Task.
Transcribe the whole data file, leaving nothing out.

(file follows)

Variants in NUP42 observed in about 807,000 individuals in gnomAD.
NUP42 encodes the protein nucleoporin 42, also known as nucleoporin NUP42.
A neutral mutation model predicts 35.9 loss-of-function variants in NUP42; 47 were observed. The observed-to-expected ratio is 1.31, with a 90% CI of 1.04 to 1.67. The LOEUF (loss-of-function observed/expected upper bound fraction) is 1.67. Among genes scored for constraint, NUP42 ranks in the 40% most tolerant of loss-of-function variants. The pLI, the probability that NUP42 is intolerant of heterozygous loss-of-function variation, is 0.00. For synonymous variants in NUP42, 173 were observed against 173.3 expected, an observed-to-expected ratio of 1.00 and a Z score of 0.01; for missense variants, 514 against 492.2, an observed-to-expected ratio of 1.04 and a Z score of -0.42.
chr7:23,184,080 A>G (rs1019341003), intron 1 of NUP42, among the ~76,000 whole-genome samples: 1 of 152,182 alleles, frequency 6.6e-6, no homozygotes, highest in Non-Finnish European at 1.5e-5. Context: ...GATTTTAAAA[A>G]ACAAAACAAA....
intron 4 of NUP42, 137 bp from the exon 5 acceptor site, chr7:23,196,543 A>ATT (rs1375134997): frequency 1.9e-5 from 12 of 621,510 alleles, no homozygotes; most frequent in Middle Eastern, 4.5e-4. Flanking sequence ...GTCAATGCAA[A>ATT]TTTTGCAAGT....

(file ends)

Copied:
Variants in NUP42 observed in about 807,000 individuals in gnomAD.
NUP42 encodes the protein nucleoporin 42, also known as nucleoporin NUP42.
A neutral mutation model predicts 35.9 loss-of-function variants in NUP42; 47 were observed. The observed-to-expected ratio is 1.31, with a 90% CI of 1.04 to 1.67. The LOEUF (loss-of-function observed/expected upper bound fraction) is 1.67. Among genes scored for constraint, NUP42 ranks in the 40% most tolerant of loss-of-function variants. The pLI, the probability that NUP42 is intolerant of heterozygous loss-of-function variation, is 0.00. For synonymous variants in NUP42, 173 were observed against 173.3 expected, an observed-to-expected ratio of 1.00 and a Z score of 0.01; for missense variants, 514 against 492.2, an observed-to-expected ratio of 1.04 and a Z score of -0.42.
chr7:23,184,080 A>G (rs1019341003), intron 1 of NUP42, among the ~76,000 whole-genome samples: 1 of 152,182 alleles, frequency 6.6e-6, no homozygotes, highest in Non-Finnish European at 1.5e-5. Context: ...GATTTTAAAA[A>G]ACAAAACAAA....
intron 4 of NUP42, 137 bp from the exon 5 acceptor site, chr7:23,196,543 A>ATT (rs1375134997): frequency 1.9e-5 from 12 of 621,510 alleles, no homozygotes; most frequent in Middle Eastern, 4.5e-4. Flanking sequence ...GTCAATGCAA[A>ATT]TTTTGCAAGT....